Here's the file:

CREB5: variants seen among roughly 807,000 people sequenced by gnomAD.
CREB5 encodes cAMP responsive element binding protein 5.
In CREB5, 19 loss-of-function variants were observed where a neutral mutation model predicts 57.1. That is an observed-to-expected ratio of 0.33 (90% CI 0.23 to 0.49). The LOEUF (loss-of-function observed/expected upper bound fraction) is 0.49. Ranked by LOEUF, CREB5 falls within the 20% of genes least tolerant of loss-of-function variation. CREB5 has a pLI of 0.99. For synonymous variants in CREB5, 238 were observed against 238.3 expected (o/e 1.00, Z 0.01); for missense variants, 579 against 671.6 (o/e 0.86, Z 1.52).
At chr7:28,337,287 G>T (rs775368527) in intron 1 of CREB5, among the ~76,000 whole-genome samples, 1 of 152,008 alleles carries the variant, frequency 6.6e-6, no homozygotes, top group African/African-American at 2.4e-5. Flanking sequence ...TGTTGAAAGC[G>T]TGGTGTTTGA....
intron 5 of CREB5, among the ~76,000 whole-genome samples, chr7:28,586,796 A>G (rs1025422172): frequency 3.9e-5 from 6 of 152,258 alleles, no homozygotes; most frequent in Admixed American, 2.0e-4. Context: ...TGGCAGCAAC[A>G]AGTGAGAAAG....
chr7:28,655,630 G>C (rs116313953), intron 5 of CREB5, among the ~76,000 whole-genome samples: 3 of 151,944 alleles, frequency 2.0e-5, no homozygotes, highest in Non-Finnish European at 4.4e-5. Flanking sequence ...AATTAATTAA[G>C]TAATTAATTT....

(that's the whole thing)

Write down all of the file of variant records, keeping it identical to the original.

CREB5: variants seen among roughly 807,000 people sequenced by gnomAD.
CREB5 encodes cAMP responsive element binding protein 5.
In CREB5, 19 loss-of-function variants were observed where a neutral mutation model predicts 57.1. That is an observed-to-expected ratio of 0.33 (90% CI 0.23 to 0.49). The LOEUF (loss-of-function observed/expected upper bound fraction) is 0.49. Ranked by LOEUF, CREB5 falls within the 20% of genes least tolerant of loss-of-function variation. CREB5 has a pLI of 0.99. For synonymous variants in CREB5, 238 were observed against 238.3 expected (o/e 1.00, Z 0.01); for missense variants, 579 against 671.6 (o/e 0.86, Z 1.52).
At chr7:28,337,287 G>T (rs775368527) in intron 1 of CREB5, among the ~76,000 whole-genome samples, 1 of 152,008 alleles carries the variant, frequency 6.6e-6, no homozygotes, top group African/African-American at 2.4e-5. Flanking sequence ...TGTTGAAAGC[G>T]TGGTGTTTGA....
intron 5 of CREB5, among the ~76,000 whole-genome samples, chr7:28,586,796 A>G (rs1025422172): frequency 3.9e-5 from 6 of 152,258 alleles, no homozygotes; most frequent in Admixed American, 2.0e-4. Context: ...TGGCAGCAAC[A>G]AGTGAGAAAG....
chr7:28,655,630 G>C (rs116313953), intron 5 of CREB5, among the ~76,000 whole-genome samples: 3 of 151,944 alleles, frequency 2.0e-5, no homozygotes, highest in Non-Finnish European at 4.4e-5. Flanking sequence ...AATTAATTAA[G>C]TAATTAATTT....